I’ll illustrate the above four points with our analysis of Australia’s birds (McCarthy et al. 2008).

1. Using data compiled by Stephen Garnett on money spent on species and their changes in conservation status, we estimated how investment in each species changed their probabilities of decline and improvement. The findings were revealing.

First, the probability of extinction could be reduced with relatively modest investment in each species (e.g., the dashed line in the figure below). So it is not all doom and gloom; some investment in conservation in Australia has been remarkably successful. While we could surely do better, there are at least some clear benefits of management.

Example of probabilities of transition among conservation classes for a species versus total investment over an 8 year period. This shows how investment changes the probability that an endangered species becomes vulnerable (increases in abundance), becomes critically endangered (declines) or goes extinct. Approximately $50,000 per year reduces extinction risk of endangered species to near zero. Redrawn from McCarthy et al. (2008).

Example of probabilities of transition among conservation classes for a species versus total investment over an 8 year period. This shows how investment changes the probability that an endangered species becomes vulnerable (increases in abundance), becomes critically endangered (declines) or goes extinct. Approximately $50,000 per year ($400,000 over 8 years) reduces extinction risk of endangered species to near zero. Redrawn from McCarthy et al. (2008).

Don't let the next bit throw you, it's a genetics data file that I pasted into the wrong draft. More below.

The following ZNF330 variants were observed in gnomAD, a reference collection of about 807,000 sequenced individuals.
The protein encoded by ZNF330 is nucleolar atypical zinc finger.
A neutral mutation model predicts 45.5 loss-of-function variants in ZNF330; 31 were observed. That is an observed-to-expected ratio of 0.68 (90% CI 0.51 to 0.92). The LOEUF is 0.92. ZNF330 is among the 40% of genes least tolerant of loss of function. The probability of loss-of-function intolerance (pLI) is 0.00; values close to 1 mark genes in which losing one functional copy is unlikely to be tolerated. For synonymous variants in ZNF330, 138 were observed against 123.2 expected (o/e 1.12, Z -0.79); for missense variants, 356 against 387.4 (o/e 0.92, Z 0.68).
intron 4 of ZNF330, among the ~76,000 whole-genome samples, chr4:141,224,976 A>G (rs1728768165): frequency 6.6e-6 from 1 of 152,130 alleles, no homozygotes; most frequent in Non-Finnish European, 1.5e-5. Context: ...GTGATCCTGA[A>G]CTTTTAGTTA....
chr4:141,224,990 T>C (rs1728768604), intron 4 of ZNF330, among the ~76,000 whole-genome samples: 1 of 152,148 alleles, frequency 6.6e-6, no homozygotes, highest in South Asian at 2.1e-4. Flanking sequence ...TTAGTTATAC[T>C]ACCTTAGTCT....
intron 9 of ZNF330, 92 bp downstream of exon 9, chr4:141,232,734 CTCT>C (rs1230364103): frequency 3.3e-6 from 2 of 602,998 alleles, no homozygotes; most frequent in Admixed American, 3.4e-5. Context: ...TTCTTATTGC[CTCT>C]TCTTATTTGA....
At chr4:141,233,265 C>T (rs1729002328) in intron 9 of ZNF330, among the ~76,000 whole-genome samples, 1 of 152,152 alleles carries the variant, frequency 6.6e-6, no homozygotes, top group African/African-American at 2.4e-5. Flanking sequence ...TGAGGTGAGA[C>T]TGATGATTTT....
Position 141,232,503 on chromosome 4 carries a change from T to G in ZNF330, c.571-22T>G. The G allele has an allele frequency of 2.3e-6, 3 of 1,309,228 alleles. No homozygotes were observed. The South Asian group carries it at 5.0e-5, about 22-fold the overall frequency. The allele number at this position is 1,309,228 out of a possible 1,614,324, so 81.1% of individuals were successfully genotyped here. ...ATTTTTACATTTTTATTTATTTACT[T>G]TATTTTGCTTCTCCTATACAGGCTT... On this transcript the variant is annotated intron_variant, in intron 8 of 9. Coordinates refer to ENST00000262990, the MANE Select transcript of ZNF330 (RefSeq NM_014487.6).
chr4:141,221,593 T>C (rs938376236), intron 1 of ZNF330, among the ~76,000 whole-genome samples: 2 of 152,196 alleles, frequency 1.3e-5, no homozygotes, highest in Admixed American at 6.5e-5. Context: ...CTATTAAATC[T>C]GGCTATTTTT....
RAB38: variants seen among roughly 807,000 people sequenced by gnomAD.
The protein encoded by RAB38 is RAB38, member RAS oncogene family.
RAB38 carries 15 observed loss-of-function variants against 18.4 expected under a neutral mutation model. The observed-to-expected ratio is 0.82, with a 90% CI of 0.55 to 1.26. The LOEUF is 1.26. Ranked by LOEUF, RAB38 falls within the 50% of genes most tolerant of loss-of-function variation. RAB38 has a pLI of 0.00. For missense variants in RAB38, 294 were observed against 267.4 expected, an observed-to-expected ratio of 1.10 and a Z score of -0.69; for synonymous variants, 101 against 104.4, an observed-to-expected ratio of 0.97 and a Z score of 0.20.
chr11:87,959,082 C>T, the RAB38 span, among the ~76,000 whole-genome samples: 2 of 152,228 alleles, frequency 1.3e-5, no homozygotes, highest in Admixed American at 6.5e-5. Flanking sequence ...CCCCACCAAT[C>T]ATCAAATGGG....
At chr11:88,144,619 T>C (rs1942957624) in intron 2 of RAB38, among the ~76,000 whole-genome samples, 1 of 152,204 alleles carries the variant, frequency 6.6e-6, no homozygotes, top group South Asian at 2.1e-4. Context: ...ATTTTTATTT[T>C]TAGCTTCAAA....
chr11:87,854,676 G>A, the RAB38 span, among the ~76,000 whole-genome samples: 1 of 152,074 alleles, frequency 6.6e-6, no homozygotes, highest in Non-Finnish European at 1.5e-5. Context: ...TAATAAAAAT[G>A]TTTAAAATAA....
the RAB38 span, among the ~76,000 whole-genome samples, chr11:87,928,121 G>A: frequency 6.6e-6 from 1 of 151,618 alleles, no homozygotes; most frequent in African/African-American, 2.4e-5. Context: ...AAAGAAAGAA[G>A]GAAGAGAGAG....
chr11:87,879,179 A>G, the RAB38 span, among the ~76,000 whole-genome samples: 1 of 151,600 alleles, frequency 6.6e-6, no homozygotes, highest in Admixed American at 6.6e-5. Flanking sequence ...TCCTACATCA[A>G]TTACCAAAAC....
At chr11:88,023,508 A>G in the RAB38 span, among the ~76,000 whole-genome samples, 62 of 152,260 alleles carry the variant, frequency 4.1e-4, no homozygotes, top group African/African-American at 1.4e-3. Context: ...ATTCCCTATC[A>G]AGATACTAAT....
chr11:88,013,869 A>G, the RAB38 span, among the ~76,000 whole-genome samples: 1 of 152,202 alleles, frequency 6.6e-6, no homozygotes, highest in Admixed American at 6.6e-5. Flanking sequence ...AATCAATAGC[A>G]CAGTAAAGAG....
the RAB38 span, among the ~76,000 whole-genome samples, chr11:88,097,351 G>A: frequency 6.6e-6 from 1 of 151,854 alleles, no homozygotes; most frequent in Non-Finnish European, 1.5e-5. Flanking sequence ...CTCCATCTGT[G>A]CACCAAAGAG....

Second, and less happily, the data indicated that the probability of improving the conservation status of a species increased very slowly (if at all) with increased investment – the thick line in the graph above. So environmental managers in Australia seem quite good at reducing extinction of birds, but we need to improve our recovery efforts or make greater efforts.

2. The analysis also showed that the choice of objective influenced where best to focus effort. If the objective is to minimize the number of extinct bird species, it is actually optimal to invest in the most endangered species. However, we should invest in species with lower extinction risks for other objectives, such as when minimizing the number of threatened species.

3. Not all species are equal. Some species are valued more by society. It seems unlikely that Australians would spend as much money preventing the extinction of a plant louse than is spent on Tasmanian devils, even if I think the plant louse is the most important species in the world. Different people might value species depending on their taxonomic distinctiveness (i.e, how much evolutionary history they represent), their role in ecosystems, their charisma, or their potential to generate tourism revenue. These are all reasons why we might mourn the loss of one species more than another. And these relative values that are placed on species will influence how effort is allocated.